"The NFL is no different than the rest of society," said the 49ers' Lynn. "Look at the top Fortune 500 companies. How many minority CEOs do you have in that industry versus ours? Our percentage may be higher." If you're wondering more than 90% of Fortune 500 presidents and CEOs are white and only 3% are Black, according to the Institute for Diversity and Ethics in Sport. Change of course won't come overnight, in fact it's going to take a consistent effort over a period of time. As recently as 2020 former Morgan Stanley chief diversity officer Marilyn Booker sued the bank for racial discrimination and retaliation. Booker alleged that efforts to diversify the management structure were essentially derailed by the organization's largely white executive base. A settlement was eventually reached out of court.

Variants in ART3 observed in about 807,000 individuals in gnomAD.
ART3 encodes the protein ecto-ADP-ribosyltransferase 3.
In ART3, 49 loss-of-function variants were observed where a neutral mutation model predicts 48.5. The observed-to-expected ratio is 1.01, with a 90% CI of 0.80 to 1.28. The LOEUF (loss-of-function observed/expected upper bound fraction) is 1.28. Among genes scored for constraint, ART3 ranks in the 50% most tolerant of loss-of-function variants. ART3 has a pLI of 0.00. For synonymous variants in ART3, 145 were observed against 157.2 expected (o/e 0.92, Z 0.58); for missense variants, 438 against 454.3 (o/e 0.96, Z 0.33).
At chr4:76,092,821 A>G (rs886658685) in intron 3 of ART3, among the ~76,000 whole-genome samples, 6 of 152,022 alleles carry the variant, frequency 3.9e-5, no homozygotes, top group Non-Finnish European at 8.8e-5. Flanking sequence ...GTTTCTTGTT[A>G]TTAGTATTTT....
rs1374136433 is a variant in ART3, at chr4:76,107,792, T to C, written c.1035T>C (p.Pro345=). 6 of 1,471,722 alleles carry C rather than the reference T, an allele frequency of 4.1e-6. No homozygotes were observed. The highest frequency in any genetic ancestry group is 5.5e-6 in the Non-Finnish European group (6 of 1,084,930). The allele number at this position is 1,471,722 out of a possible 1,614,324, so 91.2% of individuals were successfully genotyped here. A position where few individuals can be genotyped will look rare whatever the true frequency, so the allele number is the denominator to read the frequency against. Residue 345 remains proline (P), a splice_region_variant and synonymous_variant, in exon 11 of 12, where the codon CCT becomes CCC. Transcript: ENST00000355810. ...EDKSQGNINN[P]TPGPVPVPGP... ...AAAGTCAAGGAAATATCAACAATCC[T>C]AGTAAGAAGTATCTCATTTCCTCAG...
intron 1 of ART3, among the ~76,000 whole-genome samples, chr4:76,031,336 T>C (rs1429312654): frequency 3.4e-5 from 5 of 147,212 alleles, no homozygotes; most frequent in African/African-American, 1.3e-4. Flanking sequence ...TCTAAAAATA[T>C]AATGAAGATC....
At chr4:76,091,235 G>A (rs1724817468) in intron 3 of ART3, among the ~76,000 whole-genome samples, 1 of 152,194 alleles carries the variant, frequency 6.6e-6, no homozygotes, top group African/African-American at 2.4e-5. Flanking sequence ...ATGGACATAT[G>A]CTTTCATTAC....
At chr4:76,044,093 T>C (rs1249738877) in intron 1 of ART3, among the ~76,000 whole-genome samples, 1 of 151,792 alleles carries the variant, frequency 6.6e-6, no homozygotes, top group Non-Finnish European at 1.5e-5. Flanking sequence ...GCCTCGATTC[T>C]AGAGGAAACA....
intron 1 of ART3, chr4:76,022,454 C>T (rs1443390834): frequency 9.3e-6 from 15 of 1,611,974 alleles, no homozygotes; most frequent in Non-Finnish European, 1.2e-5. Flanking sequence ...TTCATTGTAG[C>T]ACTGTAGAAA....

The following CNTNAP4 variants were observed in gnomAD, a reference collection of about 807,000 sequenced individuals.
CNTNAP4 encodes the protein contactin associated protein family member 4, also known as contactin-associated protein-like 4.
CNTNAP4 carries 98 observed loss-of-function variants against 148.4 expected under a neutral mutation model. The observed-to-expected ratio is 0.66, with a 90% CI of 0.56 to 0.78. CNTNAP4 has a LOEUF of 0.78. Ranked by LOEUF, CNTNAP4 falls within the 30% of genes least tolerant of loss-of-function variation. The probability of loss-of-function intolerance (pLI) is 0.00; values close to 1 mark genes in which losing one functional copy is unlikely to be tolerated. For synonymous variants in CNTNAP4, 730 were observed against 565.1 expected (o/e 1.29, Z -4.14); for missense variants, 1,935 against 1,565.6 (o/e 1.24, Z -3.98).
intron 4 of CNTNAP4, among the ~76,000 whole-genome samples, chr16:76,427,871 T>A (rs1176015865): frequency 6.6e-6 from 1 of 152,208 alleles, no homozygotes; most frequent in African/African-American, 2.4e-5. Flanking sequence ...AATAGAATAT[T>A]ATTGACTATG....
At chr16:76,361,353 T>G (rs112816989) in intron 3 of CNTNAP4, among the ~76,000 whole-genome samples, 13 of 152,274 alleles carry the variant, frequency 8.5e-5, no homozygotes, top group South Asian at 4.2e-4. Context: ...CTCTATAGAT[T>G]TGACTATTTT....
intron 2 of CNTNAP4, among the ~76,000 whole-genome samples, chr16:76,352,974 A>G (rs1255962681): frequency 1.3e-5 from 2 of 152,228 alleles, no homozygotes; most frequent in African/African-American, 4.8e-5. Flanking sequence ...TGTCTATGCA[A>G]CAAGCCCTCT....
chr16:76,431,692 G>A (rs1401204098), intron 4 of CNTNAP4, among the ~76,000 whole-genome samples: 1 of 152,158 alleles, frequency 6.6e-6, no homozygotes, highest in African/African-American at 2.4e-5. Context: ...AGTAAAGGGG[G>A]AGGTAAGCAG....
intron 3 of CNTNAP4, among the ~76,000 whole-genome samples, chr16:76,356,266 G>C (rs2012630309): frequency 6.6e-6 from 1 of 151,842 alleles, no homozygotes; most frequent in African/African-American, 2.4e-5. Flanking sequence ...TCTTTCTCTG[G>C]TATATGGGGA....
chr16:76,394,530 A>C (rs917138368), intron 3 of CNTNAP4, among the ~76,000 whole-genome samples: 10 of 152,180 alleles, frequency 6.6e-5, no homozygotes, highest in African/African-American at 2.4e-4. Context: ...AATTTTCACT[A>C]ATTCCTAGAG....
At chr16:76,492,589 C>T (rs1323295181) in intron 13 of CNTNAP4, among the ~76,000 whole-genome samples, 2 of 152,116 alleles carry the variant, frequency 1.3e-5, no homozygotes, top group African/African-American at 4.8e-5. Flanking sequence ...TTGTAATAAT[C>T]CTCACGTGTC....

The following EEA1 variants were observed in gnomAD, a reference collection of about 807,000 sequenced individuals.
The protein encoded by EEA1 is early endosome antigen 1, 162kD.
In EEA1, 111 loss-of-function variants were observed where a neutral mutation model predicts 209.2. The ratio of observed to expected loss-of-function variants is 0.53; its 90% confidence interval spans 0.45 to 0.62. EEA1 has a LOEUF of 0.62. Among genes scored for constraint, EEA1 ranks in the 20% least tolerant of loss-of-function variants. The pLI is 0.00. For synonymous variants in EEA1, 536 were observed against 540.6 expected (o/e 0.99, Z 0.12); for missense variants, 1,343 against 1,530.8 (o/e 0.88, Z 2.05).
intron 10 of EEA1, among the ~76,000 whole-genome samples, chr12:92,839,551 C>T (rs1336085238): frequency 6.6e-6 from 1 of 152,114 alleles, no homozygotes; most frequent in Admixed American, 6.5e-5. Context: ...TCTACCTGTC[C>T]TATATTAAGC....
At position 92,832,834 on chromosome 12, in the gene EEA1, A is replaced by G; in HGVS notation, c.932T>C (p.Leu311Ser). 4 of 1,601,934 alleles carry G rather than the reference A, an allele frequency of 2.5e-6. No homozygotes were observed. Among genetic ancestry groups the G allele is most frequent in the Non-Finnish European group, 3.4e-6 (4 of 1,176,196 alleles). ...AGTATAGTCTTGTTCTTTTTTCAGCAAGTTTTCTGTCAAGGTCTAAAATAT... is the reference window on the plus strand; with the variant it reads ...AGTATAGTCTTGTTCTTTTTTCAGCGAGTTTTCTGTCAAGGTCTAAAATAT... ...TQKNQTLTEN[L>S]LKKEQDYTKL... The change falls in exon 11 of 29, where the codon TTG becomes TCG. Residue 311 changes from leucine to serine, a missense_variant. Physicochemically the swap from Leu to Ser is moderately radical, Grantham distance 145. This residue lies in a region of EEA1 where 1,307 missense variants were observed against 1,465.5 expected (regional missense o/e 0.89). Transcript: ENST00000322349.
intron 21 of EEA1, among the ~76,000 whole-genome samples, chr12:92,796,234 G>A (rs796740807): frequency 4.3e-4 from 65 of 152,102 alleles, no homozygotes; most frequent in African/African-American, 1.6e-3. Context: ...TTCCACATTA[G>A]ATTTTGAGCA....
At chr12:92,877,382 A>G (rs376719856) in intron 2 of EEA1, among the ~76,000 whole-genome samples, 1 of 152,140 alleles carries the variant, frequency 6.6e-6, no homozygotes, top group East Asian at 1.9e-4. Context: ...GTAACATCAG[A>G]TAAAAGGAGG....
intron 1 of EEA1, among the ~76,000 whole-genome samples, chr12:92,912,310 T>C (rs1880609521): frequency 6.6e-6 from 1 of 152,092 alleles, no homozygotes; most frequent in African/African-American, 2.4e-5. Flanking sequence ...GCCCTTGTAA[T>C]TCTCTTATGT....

In terms of a concrete strategy, is there one? According to Nicholas Pearce, clinical professor of management and organizations at North Western's Kellogg School of Management, there is. Pearce argues that one simple way to change the situation would be to simply have a more diverse panel conduct the interview process whether in sport or business. While that idea does seem logical, the reality is that the large majority of NFL teams are white owned. To date there are only two out of the 32 teams where controlling ownership by a minority can be seen. The Jacksonville Jaguars with owner Shad Khan and the Buffalo Bills with Kim Pegula, who co-owns the team with her husband, Terry.

Indeed, one can only hope that there will come a time when this scenario is nothing more than a memory of a time gone by. Jerod Mayo, a 35-year-old linebackers coach for the New England Patriots is hoping for just that. With ambitions of one day being a head coach in the league, Mayo - a Black man - remains positive about the prospects of diversity in the future. "You know, that's a beautiful day where we don't need the Rooney Rule."